being policy and leadership can also help when developing an action
plan in order to help advocate for changes you wish to be seen.


What is advocacy strategy? (2017).
Retrieved September 10, 2018, from Worldanimal website: http://worldanimal.net/our-programs/strategic-advo…

Peer discussion 6

Identifying innovative strategies to create workplace change can
reduce the fear and anxiety that comes with changing work
“Change can scare a lot of people, but in today’s
workplace managing change is what keeps people relevant and being
held accountable for managing change and making things better in
your workplace is the new normal” (Llopis,2012, p.1).
Change is a natural occurrence in life as well as work. Change
can be terrifying but there are strategies that we can use to
advocate for change minimize the negative effects of these changes.

I am active in Shared Governance and this is a great tool I
utilize to make effective changes that enhance our nursing
practices. For example, my unit specializes in palliative care.
Through Shared Governance we devised a plan to make our palliative
patients and their families feel more safe and secure on the unit.
We created Palliative Care bags. The bags include medication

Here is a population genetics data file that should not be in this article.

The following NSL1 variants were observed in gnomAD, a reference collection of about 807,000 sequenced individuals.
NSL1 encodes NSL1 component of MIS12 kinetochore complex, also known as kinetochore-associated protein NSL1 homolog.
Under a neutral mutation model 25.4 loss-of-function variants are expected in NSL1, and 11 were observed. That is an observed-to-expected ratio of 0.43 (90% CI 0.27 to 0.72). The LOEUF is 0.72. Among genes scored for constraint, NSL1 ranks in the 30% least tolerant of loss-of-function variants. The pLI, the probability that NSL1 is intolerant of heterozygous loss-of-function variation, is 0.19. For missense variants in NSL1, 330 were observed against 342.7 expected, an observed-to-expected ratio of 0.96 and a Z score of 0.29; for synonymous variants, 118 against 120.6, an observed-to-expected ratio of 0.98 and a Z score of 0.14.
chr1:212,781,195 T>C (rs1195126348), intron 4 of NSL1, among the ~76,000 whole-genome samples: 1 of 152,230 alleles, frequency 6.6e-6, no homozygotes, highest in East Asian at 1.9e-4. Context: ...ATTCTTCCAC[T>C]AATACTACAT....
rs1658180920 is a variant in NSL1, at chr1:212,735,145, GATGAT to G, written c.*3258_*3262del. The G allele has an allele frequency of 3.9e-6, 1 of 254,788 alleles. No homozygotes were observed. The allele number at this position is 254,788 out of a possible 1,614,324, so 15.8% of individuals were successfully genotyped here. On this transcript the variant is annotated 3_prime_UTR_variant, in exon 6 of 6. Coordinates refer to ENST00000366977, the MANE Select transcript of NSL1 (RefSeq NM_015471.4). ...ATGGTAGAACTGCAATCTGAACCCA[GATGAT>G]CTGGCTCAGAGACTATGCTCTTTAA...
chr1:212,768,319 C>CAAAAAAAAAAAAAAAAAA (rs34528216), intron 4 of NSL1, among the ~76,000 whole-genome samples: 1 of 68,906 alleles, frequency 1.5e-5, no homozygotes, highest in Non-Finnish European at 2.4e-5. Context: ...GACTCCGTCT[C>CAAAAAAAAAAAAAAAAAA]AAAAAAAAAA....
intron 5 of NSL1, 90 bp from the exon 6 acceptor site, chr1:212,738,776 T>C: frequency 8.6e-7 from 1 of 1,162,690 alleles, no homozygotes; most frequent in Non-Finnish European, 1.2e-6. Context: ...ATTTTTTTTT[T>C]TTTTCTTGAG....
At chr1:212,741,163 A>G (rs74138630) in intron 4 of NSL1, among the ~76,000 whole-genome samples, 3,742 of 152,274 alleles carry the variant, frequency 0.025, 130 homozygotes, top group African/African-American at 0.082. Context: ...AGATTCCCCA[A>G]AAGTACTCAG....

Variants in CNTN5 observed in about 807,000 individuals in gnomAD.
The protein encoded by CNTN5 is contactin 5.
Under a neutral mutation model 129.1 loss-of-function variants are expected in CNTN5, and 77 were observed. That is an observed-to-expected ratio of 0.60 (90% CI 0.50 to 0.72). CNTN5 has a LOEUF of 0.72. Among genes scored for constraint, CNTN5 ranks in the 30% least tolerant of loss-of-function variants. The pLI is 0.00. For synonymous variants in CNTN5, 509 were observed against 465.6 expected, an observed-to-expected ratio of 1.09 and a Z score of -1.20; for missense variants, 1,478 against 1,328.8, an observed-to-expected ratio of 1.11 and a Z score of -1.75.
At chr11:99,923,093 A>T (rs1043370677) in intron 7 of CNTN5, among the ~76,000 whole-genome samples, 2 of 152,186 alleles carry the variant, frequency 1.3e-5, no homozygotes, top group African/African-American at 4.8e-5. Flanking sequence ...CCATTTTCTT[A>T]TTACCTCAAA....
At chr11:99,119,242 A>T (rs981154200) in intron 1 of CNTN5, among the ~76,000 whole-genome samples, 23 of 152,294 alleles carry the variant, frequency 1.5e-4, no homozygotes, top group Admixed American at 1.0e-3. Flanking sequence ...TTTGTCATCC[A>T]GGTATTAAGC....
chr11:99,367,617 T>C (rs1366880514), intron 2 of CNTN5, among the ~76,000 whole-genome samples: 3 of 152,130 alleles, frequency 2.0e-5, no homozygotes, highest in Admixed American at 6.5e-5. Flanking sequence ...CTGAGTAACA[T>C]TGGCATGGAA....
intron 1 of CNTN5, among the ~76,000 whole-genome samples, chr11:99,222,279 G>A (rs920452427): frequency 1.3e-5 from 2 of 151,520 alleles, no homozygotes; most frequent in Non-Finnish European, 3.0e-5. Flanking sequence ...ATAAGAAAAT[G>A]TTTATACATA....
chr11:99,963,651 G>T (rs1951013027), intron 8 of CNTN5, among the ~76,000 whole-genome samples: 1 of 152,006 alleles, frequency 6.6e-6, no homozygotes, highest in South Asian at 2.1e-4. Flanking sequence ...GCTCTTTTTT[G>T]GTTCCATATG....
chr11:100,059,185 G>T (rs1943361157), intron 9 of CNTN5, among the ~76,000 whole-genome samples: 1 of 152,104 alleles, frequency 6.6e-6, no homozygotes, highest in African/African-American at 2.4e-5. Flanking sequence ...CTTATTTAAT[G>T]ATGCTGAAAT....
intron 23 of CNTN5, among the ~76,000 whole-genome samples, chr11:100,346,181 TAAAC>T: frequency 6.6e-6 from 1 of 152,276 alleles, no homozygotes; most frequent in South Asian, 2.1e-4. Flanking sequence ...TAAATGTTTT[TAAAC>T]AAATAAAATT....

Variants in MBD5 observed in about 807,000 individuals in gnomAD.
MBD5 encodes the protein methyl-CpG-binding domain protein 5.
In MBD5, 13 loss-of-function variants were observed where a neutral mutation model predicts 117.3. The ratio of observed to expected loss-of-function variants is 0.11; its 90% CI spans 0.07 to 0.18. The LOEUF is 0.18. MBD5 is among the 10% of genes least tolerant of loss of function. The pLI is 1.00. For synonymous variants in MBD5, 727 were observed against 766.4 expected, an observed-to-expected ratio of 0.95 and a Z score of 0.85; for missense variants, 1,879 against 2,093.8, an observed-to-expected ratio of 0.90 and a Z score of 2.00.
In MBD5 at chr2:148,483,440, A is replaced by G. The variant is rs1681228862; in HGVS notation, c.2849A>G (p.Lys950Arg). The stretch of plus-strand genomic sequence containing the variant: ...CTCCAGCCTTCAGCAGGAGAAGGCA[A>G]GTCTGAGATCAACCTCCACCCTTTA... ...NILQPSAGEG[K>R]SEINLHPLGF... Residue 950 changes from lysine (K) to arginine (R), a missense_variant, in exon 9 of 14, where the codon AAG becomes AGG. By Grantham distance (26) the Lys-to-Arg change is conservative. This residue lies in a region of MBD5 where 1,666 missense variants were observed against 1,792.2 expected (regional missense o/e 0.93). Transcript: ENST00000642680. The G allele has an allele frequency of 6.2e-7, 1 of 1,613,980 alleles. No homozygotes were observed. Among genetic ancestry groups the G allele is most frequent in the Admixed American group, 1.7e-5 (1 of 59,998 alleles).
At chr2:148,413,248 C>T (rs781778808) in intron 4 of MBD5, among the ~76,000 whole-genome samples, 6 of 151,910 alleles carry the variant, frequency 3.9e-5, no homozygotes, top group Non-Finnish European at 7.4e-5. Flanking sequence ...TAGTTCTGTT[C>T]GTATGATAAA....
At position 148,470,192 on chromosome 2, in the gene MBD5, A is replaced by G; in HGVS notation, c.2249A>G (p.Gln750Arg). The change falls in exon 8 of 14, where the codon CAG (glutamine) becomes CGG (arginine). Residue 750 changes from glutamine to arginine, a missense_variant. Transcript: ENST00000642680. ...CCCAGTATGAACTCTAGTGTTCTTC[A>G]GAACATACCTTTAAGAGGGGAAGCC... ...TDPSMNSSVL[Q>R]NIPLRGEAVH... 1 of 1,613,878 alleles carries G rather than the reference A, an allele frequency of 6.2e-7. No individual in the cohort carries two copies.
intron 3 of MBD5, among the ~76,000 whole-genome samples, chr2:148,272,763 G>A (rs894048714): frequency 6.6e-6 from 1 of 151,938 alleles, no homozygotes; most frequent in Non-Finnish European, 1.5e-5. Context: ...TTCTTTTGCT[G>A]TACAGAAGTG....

literature, flameless candles, Lavender patches, pen and paper,
palliative literature and a warm hand-crafted blanket. The soft
feeling of the blanket and the gentle scent of lavender has made all
the difference to these patients making our bags a success. Through
Shared Governance I can create changes that benefit not only my
patients but their families and my coworkers as well.

I am also a member of the Violence committee and our fight for
change has enforced security efforts and helped minimize the risk of
violence towards nurses. Your voice is your greatest strategy to
advocate for change in the workplace! If you speak loud enough, you
can make certain your voice is heard. Sometimes we must speak more
than once to be heard, but if we give up we will never see what
difference we could have made if we just kept trying. Your voice can
save lives! Your voice is the greatest strategy you can use to
create change in your workplace.

Llopis, G. (2012) Five Effective ways to Sale Change. Retrieved
from: https://www.forbes.com/sites/glennllopis/2012/11/0…